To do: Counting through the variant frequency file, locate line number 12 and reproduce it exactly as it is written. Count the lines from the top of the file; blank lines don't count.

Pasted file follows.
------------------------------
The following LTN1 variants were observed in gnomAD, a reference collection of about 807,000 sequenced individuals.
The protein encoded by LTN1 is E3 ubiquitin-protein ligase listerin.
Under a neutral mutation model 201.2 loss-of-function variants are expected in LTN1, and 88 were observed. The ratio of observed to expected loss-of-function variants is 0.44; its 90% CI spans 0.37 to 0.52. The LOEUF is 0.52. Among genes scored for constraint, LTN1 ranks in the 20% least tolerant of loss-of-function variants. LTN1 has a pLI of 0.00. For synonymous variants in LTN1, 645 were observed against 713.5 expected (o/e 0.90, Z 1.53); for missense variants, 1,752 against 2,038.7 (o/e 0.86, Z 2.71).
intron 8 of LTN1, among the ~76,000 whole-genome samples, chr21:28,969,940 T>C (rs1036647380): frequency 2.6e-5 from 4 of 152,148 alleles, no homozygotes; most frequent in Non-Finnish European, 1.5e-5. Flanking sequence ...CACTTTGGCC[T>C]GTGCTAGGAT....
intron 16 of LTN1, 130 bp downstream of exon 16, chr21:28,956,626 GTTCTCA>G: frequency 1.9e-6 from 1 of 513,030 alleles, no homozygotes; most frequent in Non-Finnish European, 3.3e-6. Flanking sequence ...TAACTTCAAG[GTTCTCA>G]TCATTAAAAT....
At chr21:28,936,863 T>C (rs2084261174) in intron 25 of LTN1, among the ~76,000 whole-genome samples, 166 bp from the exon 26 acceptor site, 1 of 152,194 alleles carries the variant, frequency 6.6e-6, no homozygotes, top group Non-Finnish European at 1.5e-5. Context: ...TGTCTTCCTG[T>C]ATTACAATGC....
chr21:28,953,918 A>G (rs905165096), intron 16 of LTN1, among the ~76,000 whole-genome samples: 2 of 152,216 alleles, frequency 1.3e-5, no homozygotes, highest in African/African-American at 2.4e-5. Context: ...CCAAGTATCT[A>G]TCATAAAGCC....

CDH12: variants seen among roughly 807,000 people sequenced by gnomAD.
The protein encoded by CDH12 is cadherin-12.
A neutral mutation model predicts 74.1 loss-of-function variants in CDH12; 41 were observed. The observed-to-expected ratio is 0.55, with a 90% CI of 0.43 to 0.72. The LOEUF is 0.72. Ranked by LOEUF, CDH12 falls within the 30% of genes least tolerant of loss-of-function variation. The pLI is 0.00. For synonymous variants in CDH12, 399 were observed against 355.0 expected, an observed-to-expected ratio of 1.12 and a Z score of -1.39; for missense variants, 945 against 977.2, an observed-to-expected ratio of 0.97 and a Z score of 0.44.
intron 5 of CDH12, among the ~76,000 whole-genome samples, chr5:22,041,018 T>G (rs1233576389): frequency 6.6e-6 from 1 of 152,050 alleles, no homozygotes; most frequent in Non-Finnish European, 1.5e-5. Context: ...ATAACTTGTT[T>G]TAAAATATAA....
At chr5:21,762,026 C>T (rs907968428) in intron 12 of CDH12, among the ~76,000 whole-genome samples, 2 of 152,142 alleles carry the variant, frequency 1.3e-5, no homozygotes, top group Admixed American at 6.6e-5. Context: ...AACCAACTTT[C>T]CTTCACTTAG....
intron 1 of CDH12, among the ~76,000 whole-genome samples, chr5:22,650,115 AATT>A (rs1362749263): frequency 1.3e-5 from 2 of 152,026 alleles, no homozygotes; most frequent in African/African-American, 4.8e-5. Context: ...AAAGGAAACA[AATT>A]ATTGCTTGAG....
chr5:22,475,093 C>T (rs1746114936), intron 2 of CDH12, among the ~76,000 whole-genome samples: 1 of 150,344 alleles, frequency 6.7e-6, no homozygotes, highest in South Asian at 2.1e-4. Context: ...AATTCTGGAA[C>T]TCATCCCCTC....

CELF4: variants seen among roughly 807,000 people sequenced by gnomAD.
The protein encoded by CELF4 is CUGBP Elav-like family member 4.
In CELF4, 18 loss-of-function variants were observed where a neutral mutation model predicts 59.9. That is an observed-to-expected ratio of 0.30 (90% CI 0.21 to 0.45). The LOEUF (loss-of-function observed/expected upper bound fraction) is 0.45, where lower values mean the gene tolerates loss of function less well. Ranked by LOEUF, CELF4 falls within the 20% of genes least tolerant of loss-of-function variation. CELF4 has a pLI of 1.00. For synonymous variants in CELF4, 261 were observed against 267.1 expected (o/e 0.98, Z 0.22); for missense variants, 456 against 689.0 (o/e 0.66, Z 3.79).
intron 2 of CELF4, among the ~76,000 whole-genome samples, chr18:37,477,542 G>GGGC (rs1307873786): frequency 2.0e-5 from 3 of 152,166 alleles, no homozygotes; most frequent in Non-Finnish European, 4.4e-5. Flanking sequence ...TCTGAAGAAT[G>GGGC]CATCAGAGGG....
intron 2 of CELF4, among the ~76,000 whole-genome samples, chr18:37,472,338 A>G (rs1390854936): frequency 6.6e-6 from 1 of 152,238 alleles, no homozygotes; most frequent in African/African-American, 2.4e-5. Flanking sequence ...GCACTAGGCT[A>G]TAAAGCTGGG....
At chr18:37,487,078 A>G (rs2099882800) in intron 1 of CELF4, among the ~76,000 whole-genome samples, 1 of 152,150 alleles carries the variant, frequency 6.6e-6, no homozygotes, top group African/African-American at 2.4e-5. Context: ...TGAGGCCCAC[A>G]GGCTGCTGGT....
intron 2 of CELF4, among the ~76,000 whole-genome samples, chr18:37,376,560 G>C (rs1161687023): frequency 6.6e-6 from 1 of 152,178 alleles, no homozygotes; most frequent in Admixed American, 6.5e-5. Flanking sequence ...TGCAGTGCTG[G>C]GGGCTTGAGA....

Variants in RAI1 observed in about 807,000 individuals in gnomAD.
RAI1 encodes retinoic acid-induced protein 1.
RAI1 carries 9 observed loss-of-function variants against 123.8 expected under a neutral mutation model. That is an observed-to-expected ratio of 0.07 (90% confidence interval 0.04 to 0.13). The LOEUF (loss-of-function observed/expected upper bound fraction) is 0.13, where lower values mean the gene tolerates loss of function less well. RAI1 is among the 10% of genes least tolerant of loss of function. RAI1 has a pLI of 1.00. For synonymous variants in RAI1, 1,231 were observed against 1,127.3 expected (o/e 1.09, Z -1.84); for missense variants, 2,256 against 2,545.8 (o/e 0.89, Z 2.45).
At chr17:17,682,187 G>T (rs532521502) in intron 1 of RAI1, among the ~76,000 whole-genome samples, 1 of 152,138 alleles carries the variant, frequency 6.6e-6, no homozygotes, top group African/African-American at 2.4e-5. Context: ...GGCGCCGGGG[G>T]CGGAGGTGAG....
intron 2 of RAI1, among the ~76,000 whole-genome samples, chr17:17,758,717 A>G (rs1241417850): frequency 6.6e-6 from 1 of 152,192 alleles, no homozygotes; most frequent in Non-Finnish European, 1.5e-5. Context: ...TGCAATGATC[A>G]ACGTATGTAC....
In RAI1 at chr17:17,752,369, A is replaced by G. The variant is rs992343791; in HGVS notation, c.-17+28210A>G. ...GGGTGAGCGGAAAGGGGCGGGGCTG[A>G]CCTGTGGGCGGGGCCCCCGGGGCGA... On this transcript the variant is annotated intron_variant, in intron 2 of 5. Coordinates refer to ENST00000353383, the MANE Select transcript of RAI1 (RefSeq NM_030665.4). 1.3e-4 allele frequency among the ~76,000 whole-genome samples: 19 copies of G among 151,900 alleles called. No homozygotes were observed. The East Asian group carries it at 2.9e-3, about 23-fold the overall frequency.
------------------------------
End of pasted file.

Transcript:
At chr5:21,762,026 C>T (rs907968428) in intron 12 of CDH12, among the ~76,000 whole-genome samples, 2 of 152,142 alleles carry the variant, frequency 1.3e-5, no homozygotes, top group Admixed American at 6.6e-5. Context: ...AACCAACTTT[C>T]CTTCACTTAG....